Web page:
Although the Oxford English dictionary defines a harbinger as a person or thing that signals the approach of something, there is no mention made about the possibility of a supernatural component to the agent which bears the signal. When I first heard stories about harbingers in the history of our family, the stories often seemed to include supernatural elements. As a rational person it was easy for me to be skeptical; however, it is clear to me that for the people who experienced their individual event each one truly believed there was something supernatural in what happened to him/her. This is particularly true when it comes to harbingers of death.
According to family lore, just before a person dies a harbinger of death appears. This is a belief which was held by several members of my family such as my parents, and aunts and uncles on both sides of the family, including my paternal great-aunt Mollie, sister to my grandmother Anne Magee Geraghty. In the history of our family these forewarnings have manifested as a large black dog, a small white dove, a dreaded month on the calendar, and, most dramatically, a large fireball. Following the death of a beloved family member, you might also hear or see something which you would only associate with that individual.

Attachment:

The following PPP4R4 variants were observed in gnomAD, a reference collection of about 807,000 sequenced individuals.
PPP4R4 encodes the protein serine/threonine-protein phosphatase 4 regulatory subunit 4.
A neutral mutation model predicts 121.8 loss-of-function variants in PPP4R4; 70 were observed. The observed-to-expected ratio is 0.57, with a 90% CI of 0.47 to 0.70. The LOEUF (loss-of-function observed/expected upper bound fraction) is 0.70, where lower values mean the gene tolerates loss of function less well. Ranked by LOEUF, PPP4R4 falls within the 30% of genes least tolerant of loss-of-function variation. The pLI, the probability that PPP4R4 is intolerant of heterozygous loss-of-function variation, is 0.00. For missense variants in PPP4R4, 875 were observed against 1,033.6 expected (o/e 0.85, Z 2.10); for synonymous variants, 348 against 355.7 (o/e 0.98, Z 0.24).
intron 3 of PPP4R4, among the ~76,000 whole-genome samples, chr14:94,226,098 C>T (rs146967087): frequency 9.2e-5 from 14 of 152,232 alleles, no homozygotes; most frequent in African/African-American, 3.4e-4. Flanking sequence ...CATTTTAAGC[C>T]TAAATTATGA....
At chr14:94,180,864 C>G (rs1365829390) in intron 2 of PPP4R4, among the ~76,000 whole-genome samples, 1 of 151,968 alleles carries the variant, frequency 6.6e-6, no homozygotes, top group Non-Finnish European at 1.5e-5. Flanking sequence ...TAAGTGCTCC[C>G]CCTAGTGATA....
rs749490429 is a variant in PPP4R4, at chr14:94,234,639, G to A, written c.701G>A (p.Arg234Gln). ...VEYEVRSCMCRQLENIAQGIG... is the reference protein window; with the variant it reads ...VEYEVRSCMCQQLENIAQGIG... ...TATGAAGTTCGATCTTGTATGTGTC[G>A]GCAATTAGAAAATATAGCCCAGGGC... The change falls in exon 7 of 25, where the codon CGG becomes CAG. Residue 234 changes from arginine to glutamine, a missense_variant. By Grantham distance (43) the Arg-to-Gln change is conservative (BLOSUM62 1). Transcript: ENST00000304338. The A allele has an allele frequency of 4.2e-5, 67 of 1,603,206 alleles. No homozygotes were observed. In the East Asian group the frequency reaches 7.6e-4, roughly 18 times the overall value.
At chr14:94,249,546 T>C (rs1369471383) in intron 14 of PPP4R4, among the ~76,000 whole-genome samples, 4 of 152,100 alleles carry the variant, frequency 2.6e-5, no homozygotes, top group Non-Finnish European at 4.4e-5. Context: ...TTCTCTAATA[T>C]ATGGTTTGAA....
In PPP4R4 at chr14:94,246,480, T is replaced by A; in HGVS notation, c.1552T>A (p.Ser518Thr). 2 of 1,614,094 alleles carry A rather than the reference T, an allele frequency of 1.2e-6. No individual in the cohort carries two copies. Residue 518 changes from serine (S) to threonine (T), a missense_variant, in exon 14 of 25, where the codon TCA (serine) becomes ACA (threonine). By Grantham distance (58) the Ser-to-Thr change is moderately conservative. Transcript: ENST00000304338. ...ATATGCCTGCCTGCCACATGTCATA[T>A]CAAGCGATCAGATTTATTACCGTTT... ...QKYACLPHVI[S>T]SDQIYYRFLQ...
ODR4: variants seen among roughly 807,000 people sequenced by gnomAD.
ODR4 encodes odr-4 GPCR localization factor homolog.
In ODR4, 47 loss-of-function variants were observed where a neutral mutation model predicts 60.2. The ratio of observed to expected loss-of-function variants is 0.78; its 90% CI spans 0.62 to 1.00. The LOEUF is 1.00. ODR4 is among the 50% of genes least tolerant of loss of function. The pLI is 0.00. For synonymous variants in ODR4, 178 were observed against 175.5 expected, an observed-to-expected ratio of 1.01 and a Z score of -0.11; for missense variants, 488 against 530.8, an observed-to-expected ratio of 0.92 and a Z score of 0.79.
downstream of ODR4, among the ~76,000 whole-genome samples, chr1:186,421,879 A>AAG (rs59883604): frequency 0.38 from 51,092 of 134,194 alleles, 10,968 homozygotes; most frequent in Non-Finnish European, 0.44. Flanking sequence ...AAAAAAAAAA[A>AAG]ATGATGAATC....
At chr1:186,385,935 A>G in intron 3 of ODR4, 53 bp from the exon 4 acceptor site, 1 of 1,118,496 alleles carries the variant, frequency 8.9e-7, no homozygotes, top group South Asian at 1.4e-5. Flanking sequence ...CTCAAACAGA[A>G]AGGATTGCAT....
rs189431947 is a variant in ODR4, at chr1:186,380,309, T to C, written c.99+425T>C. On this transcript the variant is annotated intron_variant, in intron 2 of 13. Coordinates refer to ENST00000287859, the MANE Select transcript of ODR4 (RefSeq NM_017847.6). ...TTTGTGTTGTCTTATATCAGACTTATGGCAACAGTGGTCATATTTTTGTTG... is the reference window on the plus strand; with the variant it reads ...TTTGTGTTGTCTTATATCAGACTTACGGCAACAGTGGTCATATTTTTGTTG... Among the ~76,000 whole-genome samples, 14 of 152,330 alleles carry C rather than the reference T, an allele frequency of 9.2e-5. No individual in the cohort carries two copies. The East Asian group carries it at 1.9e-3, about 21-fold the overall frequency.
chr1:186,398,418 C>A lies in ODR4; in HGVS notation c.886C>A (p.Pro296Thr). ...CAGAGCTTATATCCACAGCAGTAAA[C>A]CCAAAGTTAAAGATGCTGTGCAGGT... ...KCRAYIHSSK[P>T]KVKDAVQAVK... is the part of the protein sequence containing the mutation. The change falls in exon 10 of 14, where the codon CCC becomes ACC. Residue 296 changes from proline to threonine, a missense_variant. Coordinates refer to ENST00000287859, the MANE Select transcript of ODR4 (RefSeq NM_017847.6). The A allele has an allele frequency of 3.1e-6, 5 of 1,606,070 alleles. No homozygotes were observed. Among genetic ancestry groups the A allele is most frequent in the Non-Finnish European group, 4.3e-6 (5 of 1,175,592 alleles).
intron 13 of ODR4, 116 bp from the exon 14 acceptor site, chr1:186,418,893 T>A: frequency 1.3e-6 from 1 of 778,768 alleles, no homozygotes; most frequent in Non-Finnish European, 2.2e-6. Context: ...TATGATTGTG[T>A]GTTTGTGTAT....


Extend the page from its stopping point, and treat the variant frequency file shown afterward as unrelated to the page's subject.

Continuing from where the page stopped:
In the biographical note to his father's memoir Material for Victory, Laurence J. Kettle, the son of my great-great grandmother Mary's brother Andrew J. Kettle, writes of his father's dread of the month of September. Andrew believed the month portended the death of a family member. Mary and Andrew's mother Alice O'Kavanagh Kettle had died in the month of September, on the 24th day in the year 1855. Their father Thomas Kettle also died in that fateful month, on 22 September 1871, as did their brother Patrick, on 25 September 1894. Andrew's beloved son Thomas Michael Kettle was killed on the Somme on 9 September 1916, and Andrew J. himself died only 13 days later on 22 September 1916. It seems September was indeed a month which heralded death for the Kettle clan.
|Ringsend Bridge over the River Dodder|
Did the large black dog on the bridge portend a death?
In December of 1954 my paternal grandfather John Geraghty was very ill. My father and mother — Michael and Mary — had been married for just over four months, and were out for an evening together. At the end of their evening Michael and Mary decided to stop by her family home on Gordon Street in Dublin. They were walking across the Ringsend bridge over the Dodder river when toward them came an unattended large black dog walking very slowly. The dog crossed the road and passed them on the opposite side of the bridge.
My father said for some reason he felt compelled to look at the dog. When he turned to see it, the dog had disappeared. Inexplicably in that moment my father instantly knew his father was dead. Michael told Mary they must go immediately to his family home. Upon their arrival they discovered his father John Geraghty had indeed passed away.
|The white dove: a symbol of peace or a harbinger of death?|